Today, nearly 70 years ago in 1948, a peaceful village in Deir Yassin, Palestine, was attacked by armed Jewish terrorists from the militant Irgun and Stern Gangs, who formed the backbone of the Israeli Defence Forces (IDF) upon the creation of the State of Israel shortly afterwards.
The village, known for being so committed to non-violence it even expelled Arab militants, was attacked with the help of Palmach elite soldiers from the Haganah, another Jewish militant group.
Reportedly 200 were killed in battle, while around 40 men, women and children of the village were taken prisoner, paraded through Jewish sections of Jerusalem, brought to a quarry between tone quarry between Givat Shaul and Deir Yassin and brutally shot to death.
While the attack itself was reported, the massacre of the prisoners was never revealed to the international press at the time.
The horror of what happened at Deir Yassin would be the impetus for the uprooting of Arabs from their lands in Palestine, signalling the beginning of what would come to be known as the An-Nakba, or Catastrophe, where at least 80,000 Palestinian Arabs were evicted from what would become Israel.
These Palestinians and their descendants remain the world’s largest group of refugees today, and have been left without a state to call their own.
The international crime of genocide finds its definition in Articles II and III of the 1948 Convention on the Prevention and Punishment of Genocide and is divided into two elements, the mental element and the physical element. In the commission of that very crime by the predecessors of the IDF, the inhabitants of the village of Deir Yassin suffered the physical element thereof, which is the commission of the mass murder itself so that the rest of Arab Palestine could be made to fear its mental element in the expectation they would be its next victims, which was instrumental in their motivation to flee their lands, leaving them to be confiscated by the Zionist regime.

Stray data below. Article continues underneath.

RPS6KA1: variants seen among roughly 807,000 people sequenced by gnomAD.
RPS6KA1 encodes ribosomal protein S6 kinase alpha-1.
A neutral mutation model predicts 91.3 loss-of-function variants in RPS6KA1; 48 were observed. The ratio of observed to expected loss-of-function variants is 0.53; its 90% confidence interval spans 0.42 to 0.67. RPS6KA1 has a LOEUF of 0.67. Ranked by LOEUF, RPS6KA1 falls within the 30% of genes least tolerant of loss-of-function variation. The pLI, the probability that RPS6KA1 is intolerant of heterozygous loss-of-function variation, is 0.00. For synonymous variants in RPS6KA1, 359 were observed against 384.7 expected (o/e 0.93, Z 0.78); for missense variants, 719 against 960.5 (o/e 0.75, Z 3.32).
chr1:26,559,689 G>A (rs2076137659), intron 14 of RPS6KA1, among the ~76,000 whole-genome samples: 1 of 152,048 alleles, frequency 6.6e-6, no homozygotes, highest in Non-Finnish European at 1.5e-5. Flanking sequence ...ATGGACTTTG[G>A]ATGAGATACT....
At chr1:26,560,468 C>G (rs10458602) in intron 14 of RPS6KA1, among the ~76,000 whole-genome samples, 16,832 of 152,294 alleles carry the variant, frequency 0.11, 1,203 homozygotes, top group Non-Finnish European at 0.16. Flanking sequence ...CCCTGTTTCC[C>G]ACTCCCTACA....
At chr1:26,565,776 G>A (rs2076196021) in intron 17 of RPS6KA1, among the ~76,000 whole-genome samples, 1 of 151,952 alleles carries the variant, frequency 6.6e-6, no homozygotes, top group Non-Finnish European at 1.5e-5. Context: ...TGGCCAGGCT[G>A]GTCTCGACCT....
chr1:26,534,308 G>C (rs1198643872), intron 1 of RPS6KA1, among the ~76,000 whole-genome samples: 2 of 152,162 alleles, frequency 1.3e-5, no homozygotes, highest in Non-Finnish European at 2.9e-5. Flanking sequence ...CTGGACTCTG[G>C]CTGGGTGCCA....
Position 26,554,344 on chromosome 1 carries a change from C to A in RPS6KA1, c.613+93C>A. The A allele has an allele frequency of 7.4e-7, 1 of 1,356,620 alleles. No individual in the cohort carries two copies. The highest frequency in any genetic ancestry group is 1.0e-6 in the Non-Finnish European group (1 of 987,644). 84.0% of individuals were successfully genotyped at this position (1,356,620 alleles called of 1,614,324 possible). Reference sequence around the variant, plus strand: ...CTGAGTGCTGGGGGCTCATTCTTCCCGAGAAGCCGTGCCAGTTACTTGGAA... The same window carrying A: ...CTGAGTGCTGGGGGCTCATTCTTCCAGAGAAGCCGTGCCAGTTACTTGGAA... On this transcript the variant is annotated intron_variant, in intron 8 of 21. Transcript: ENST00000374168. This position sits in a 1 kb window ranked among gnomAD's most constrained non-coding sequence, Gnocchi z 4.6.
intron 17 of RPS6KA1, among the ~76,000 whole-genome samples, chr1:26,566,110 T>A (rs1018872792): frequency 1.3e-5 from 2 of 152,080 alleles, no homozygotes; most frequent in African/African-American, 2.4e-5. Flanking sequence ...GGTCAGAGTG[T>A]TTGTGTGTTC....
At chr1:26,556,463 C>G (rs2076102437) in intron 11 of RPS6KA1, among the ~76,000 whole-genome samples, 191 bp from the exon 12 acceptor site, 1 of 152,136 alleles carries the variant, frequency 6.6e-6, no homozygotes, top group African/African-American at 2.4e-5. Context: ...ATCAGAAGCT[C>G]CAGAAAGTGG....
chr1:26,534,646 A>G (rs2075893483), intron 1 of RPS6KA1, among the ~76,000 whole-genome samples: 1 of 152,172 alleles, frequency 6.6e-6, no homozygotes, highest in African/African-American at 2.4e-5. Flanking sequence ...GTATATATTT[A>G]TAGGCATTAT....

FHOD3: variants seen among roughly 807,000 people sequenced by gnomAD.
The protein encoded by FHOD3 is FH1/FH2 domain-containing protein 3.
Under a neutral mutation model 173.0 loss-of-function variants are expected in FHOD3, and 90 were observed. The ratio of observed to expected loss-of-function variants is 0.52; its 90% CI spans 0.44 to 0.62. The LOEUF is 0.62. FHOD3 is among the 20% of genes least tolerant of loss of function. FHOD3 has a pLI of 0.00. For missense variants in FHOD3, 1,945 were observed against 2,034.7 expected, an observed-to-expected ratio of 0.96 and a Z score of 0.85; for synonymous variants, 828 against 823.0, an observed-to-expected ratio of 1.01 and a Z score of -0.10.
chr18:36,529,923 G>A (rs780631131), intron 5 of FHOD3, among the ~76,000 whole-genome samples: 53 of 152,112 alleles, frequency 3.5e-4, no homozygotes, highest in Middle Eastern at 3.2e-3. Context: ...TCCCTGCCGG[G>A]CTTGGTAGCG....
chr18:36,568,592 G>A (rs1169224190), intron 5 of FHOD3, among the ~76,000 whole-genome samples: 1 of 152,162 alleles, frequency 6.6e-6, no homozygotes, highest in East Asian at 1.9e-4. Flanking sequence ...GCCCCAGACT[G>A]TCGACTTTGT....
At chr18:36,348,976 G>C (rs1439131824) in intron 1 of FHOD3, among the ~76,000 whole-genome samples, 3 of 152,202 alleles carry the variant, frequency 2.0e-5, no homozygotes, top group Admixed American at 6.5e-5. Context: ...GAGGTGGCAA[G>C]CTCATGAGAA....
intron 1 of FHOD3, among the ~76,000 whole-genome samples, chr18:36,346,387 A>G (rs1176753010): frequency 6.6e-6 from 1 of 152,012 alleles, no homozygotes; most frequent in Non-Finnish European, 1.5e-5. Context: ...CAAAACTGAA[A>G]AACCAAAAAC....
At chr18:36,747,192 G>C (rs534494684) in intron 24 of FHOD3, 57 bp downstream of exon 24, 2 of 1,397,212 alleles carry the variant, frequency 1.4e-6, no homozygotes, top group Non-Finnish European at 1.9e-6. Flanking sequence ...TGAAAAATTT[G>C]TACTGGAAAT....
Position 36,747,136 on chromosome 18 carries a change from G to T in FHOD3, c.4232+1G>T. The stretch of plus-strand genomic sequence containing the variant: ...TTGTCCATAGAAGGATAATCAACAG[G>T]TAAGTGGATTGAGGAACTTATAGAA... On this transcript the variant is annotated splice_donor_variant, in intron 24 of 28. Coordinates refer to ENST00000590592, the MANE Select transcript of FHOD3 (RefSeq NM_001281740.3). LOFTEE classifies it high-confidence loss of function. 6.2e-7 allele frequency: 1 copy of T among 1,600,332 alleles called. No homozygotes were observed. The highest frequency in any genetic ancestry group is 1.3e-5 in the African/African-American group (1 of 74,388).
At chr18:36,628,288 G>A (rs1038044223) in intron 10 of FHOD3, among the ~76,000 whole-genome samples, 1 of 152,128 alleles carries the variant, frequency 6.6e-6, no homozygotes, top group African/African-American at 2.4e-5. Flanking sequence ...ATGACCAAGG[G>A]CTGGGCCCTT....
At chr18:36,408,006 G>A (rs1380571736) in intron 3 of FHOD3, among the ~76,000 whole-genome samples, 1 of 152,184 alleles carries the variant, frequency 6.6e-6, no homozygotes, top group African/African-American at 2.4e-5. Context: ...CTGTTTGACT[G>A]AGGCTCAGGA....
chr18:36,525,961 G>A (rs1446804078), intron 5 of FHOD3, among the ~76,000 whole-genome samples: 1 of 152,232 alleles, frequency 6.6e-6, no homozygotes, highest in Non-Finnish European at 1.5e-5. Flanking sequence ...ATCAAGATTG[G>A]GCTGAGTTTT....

Back then, there was no International Criminal Court (ICC). Although earlier and later genocides had the benefit of ad hoc international tribunals, such as the Nuremberg trials, the Tokyo trials, the former Yugoslavia trials and the Rwanda trials, the Palestinians have never enjoyed any such inquiry and redress of their plight.
While the Palestine question has continued unresolved for 70 years now, today we are experiencing a renewal of violence perpetrated against the Rohingya in Rakhine, Myanmar. The evidence is overwhelming that genocidal violence is taking place against this ethnic and religious minority since October 2016 and continues to this very day.
Myanmar leader Aung San Syu Kyi recently gave an interview to BBC journalist denying genocide on the grounds that the term is too strong and does not accurately reflect what is happening on the ground, claiming that there is an intra-religious conflict between the Rohingya rather than an inter-religious conflict between Rohingya Muslims and Rakhine Buddhists. Such a claim could not be further from the truth and is a clear attempt to obfuscate the issue in the like way the brutal murder of Palestinian innocents were covered up seven decades ago. The evidence instead points to a systematic attempt to clear Rakhine of Rohingya just as Palestine was cleared of its Arab inhabitants 70 years ago.
On the occasion of the 69th anniversary of the attack on Deir Yassin, the Centre for Human Rights Research and Advocacy (CENTHRA) urges the international community to take stand up for the rights of oppressed peoples, in particular victims of international crimes such as genocide, by doing all they can to stop the commission of such crimes.
The international community should apply political, economic and social pressure to bear on those who support the barbaric regimes that commission such wanton acts by supporting and joining the campaign for the affirmation their rights at #WeAreAllRohingyaNow (http://allrohingyanow.org/)
The Universal Declaration of Human Rights, among all other international human rights instruments affirm the inviolate nature of the right to life. A strong message must be sent to the regime of Israel that there is no statute of limitations on old crimes as well as to the Burmese regime, that mass murder has no place in the 21st century.
Let us honour the memory of Deir Yassin by continuing our fight for a just international order whereby those who commit crimes against humanity are duly sanctioned for such misdeeds.
Press Statement by Azril Mohd Amin, Lawyer & Chief Executive, CENTHRA.